#Didyouknow : Le Bataclan, birthplace of Hip-Hop in France
Between 1982 and 1983 a cultural revolution took place in France: the transformation of jazz-rock and funk styles of music towards the first forms of hip-hop and rap music. Le “Bata”, as le Bataclan was nicknamed by young people, is one of the major places where this transformation occurred ! Indeed, Le Bataclan hosted the first U.S. Hip-Hop tour of France, the first dancing afternoons by DJ Chabin and the first dance and rap battles. Le Bataclan is also one of the first Parisian venues to welcome this new public who arrives from the suburbs.
THE “NEW YORK CITY RAP TOUR” TOUR:
THE GATEWAY FOR HIP-HOP IN FRANCE
Organized by Bernard Zekri (at the time journalist for the newspaper Actuel) and Alain Maneval (at the time radio host on Europe1), the “New York City Rap Tour“, allows France to discover the pioneers of the hip hop movement. On November 21, 1982, the tour begins with a show at Le Bataclan. On stage, the very best of the Bronx’s hip-hop scene : Afrika Bambaataa, with many dancers and graffiti artists, including DST, Rock Steady Crew, Dondi, Futura 2000 (with Mick Jones from The Clash), and Fab Five Freddy, create performances in which all the disciplines of hip hop culture are presented to the French audience.
“On stage, there are Grand Mixer DST and Bambaataa who are scratching, guys are rapping, others are doing graffiti in the background, others are dancing, girls are doing Double Dutch. When the French guys who were roller skaters or rock/jazz dancers see these performances, they don’t understand anything about what they are seeing !
The show at Bataclan was a turning point for several future pioneers of the French hip-hop movement such as Dee Nasty, Solo, Pascal Blaise or Dan de Ticaret… Those who attended the tour or saw it on TV did not really understand what they saw but they were struck by the energy or the artists. This show gave rise to the desire to be part of this counterculture. As Vincent Piolet underlines, “From then on, a significant part of the youth will abandon the music of the grown-ups.“
“In France, people did not understand very well what this movement was. You have to understand that, at that time, nobody had ever seen that. The people working in the music industry even thought this movement would only last three weeks…”
DJ CHABIN HIP HOP AFTERNOONS:
FROM THE “SMURF” TO THE FIRST RAP SONGS
At the decks of the “Bata” every Saturday afternoon, DJ Chabin creates a favorable climate for the apparition of a Hip-Hop culture in France. These afternoons promote a full immersion in many artistic practices. First of all, dance: young dancers come to try a new style of hip-hop dance called “smurf”. “Smurf” would be a wrong French designation for the street dance called “Popping”. “Smurf” is getting its name from the soundtrack of the film The Smurfs, titled “Let’s Do The Smurf” and whose video shows Popping dancers. Among the best dancers of “Smurf” and Breakdance at le Bataclan you could meet Joey Starr and Kool Shen, just before they formed their duo Supreme NTM.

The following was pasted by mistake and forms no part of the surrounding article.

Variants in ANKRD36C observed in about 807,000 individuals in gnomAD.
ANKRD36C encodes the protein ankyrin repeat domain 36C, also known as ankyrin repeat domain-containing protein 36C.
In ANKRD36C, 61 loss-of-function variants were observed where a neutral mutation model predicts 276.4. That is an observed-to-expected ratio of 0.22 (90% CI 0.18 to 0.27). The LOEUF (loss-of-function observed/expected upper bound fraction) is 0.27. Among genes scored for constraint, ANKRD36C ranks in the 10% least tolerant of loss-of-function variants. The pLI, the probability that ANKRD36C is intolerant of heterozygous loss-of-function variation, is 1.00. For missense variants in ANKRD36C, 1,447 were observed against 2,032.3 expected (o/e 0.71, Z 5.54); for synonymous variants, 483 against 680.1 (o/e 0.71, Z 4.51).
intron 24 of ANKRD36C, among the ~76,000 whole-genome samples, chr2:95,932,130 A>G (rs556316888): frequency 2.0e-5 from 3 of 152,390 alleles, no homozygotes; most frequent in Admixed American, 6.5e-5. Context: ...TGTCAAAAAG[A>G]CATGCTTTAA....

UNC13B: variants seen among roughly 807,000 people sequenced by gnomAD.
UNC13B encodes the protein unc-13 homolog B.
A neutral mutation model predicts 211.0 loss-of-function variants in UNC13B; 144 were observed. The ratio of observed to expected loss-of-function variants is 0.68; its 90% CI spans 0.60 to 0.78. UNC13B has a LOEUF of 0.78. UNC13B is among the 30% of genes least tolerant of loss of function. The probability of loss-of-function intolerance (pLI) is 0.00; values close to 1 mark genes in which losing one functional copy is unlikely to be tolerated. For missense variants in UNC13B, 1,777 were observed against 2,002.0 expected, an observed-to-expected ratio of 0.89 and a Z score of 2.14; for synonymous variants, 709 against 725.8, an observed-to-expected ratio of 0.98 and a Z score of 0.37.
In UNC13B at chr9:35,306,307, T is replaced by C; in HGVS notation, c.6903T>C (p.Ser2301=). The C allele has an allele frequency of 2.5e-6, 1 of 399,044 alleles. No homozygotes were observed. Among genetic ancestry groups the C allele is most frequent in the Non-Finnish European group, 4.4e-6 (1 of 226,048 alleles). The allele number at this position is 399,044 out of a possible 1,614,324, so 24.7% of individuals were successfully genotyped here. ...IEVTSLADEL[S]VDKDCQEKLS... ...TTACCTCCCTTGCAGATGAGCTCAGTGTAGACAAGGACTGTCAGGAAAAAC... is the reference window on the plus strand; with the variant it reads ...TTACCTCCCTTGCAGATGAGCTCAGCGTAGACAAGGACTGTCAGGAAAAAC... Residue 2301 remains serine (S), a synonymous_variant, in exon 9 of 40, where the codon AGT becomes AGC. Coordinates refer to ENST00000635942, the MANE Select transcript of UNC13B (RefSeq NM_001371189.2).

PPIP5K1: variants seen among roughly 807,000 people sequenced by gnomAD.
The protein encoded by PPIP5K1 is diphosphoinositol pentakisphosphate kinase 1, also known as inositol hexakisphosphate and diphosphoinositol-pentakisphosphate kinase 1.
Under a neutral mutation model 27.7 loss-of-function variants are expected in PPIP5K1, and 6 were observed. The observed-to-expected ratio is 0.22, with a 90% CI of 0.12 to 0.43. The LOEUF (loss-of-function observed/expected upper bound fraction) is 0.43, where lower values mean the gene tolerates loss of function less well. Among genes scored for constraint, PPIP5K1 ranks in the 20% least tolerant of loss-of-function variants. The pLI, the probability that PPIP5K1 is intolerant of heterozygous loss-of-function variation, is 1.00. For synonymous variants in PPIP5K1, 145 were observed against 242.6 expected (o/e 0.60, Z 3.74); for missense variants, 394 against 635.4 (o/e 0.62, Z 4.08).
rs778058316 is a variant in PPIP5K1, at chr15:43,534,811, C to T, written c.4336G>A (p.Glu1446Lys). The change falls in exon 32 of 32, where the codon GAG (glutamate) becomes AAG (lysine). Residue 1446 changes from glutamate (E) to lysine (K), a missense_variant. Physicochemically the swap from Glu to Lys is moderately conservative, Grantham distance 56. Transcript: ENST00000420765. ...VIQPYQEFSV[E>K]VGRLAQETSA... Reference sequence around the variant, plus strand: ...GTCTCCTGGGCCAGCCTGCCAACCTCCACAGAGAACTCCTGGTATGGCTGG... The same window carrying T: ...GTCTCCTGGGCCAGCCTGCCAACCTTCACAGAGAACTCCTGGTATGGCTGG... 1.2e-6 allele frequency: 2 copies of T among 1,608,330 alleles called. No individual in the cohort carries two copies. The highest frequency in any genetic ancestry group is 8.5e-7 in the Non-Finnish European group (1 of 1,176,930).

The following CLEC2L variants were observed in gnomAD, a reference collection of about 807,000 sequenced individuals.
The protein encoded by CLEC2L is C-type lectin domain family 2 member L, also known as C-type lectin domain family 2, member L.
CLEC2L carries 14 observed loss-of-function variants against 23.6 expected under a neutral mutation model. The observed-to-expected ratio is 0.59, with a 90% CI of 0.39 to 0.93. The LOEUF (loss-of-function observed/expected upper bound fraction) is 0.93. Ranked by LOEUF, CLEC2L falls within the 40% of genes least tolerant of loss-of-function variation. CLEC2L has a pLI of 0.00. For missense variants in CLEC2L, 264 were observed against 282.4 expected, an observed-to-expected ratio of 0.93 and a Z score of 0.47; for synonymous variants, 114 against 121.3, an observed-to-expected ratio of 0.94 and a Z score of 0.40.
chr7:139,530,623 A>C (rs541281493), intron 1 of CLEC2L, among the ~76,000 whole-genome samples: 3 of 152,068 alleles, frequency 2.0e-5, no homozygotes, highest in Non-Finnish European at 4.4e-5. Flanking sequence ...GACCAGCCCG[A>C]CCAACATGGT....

“The young people from the suburbs came to the capital to have fun […] Everyone started to do Breakdance and Smurf, and we could meet in this crowd of Le “Bata” a multitude of actors who would shape the hip-hop culture of tomorrow. ”
Take a “Smurf” lesson with Sydney ! He was the host of the legendary French TV show called “H.I.P H.O.P”
Rap music remained a minor discipline in hip-hop culture at that time: the real stars were breakdancers and graffiti artists. Karim Hammou and Vincent Piolet point out that in the early 1980s, the first traces of Rap in French discography lied “with artists quite distant from hip-hop culture: Plastic Bertrand, Chagrin d’Amour, Interview…“
But in 1983, DJ Chabin starts to spin more and more U.S. Rap vinyl during his afternoon at Le Bataclan, and he sometimes steps down in favor of young DJs like Dee Nasty and Franck. We can hear the first U.S. Rap disks at Le Bataclan, but it is also the place where the first Rap songs are chanted, in English or in French. At that time, there are two ideas of what rap music should sound like : As Karim Hammou states, “A split can be seen between the proponents of rap lyrics in English and those who seek to interpret Rap music in French “.
“The message was “there is a new music and there are guys who take the microphone and sing over it! ” In 1983, the first French rappers we heard were Domi T or Gary Gangster 8 who were rapping in English the songs of Grand Master Flash “
At the end of 1983, the success of DJ Chabin’s afternoons was such that Le Bataclan became too small. The organizers relocate Le “Bata” to the Grange-Aux-Belles hall, Place du Colonel Fabien, where nearly 2,000 people could meet every weekend! Then in 1986, Dj Dee Nasty organized “block parties” such as those that existed in the Bronx, in a vacant lot opposite La Chapelle underground station. These block parties brought together all the disciplines of hip-hop culture: DJs, dancers, graffiti artists and rappers.
Since then, hip-hop has ceased to be considered as a counterculture and from the beginning of the 1990s French rap music became very successful with MC Solaar, Assassin, Supreme NTM, IAM…
Le Bataclan has continued to act as a reference venue for international rappers and, at the same time, as a springboard for the young French Hip-Hop and Rap scenes! We will never forget the three legendary concerts of NTM in 1995, the live of Kery James in 2009, and the one of Kendrick Lamar in 2012, and more recently the two sold out shows of Schoolboy Q in 2020. The great West Coast rapper, The Game, also chose Le Bataclan to make its comeback on stage after several years’ absence in February, 2020!